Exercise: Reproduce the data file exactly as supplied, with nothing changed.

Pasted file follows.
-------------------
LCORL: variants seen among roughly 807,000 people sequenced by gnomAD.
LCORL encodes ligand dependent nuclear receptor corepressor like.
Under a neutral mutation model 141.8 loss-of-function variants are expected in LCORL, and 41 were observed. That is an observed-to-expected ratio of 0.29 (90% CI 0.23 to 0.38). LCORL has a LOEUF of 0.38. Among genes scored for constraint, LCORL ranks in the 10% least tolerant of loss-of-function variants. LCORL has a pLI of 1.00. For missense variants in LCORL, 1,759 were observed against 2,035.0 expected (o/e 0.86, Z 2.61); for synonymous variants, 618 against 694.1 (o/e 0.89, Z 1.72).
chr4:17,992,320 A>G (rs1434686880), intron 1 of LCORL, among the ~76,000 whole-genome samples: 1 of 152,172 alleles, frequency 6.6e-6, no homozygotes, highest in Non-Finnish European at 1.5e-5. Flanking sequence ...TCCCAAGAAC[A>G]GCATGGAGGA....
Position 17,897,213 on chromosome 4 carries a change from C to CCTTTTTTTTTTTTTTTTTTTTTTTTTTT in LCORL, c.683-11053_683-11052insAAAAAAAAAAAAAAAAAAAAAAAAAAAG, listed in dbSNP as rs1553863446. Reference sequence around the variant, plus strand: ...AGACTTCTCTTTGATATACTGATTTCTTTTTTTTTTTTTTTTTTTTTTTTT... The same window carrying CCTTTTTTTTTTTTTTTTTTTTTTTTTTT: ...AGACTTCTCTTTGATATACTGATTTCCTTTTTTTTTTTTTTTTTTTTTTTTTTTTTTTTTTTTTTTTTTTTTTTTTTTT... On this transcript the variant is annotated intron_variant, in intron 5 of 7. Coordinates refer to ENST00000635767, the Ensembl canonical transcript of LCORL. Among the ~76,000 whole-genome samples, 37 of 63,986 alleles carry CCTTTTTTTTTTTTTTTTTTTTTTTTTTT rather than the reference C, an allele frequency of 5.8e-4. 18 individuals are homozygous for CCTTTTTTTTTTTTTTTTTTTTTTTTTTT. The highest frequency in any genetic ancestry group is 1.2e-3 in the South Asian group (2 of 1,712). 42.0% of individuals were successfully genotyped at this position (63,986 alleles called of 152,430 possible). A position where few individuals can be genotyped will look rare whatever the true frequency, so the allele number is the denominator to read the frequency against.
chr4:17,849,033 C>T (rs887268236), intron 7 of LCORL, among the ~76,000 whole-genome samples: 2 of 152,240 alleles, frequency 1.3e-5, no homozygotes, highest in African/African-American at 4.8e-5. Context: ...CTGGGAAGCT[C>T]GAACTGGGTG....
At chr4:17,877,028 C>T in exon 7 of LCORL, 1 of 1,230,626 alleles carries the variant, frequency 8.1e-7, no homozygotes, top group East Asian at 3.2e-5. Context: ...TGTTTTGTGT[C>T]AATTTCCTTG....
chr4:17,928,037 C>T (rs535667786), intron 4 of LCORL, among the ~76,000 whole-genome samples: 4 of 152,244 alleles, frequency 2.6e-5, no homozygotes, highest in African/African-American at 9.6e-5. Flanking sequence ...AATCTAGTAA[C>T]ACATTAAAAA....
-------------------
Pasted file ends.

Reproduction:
LCORL: variants seen among roughly 807,000 people sequenced by gnomAD.
LCORL encodes ligand dependent nuclear receptor corepressor like.
Under a neutral mutation model 141.8 loss-of-function variants are expected in LCORL, and 41 were observed. That is an observed-to-expected ratio of 0.29 (90% CI 0.23 to 0.38). LCORL has a LOEUF of 0.38. Among genes scored for constraint, LCORL ranks in the 10% least tolerant of loss-of-function variants. LCORL has a pLI of 1.00. For missense variants in LCORL, 1,759 were observed against 2,035.0 expected (o/e 0.86, Z 2.61); for synonymous variants, 618 against 694.1 (o/e 0.89, Z 1.72).
chr4:17,992,320 A>G (rs1434686880), intron 1 of LCORL, among the ~76,000 whole-genome samples: 1 of 152,172 alleles, frequency 6.6e-6, no homozygotes, highest in Non-Finnish European at 1.5e-5. Flanking sequence ...TCCCAAGAAC[A>G]GCATGGAGGA....
Position 17,897,213 on chromosome 4 carries a change from C to CCTTTTTTTTTTTTTTTTTTTTTTTTTTT in LCORL, c.683-11053_683-11052insAAAAAAAAAAAAAAAAAAAAAAAAAAAG, listed in dbSNP as rs1553863446. Reference sequence around the variant, plus strand: ...AGACTTCTCTTTGATATACTGATTTCTTTTTTTTTTTTTTTTTTTTTTTTT... The same window carrying CCTTTTTTTTTTTTTTTTTTTTTTTTTTT: ...AGACTTCTCTTTGATATACTGATTTCCTTTTTTTTTTTTTTTTTTTTTTTTTTTTTTTTTTTTTTTTTTTTTTTTTTTT... On this transcript the variant is annotated intron_variant, in intron 5 of 7. Coordinates refer to ENST00000635767, the Ensembl canonical transcript of LCORL. Among the ~76,000 whole-genome samples, 37 of 63,986 alleles carry CCTTTTTTTTTTTTTTTTTTTTTTTTTTT rather than the reference C, an allele frequency of 5.8e-4. 18 individuals are homozygous for CCTTTTTTTTTTTTTTTTTTTTTTTTTTT. The highest frequency in any genetic ancestry group is 1.2e-3 in the South Asian group (2 of 1,712). 42.0% of individuals were successfully genotyped at this position (63,986 alleles called of 152,430 possible). A position where few individuals can be genotyped will look rare whatever the true frequency, so the allele number is the denominator to read the frequency against.
chr4:17,849,033 C>T (rs887268236), intron 7 of LCORL, among the ~76,000 whole-genome samples: 2 of 152,240 alleles, frequency 1.3e-5, no homozygotes, highest in African/African-American at 4.8e-5. Context: ...CTGGGAAGCT[C>T]GAACTGGGTG....
At chr4:17,877,028 C>T in exon 7 of LCORL, 1 of 1,230,626 alleles carries the variant, frequency 8.1e-7, no homozygotes, top group East Asian at 3.2e-5. Context: ...TGTTTTGTGT[C>T]AATTTCCTTG....
chr4:17,928,037 C>T (rs535667786), intron 4 of LCORL, among the ~76,000 whole-genome samples: 4 of 152,244 alleles, frequency 2.6e-5, no homozygotes, highest in African/African-American at 9.6e-5. Flanking sequence ...AATCTAGTAA[C>T]ACATTAAAAA....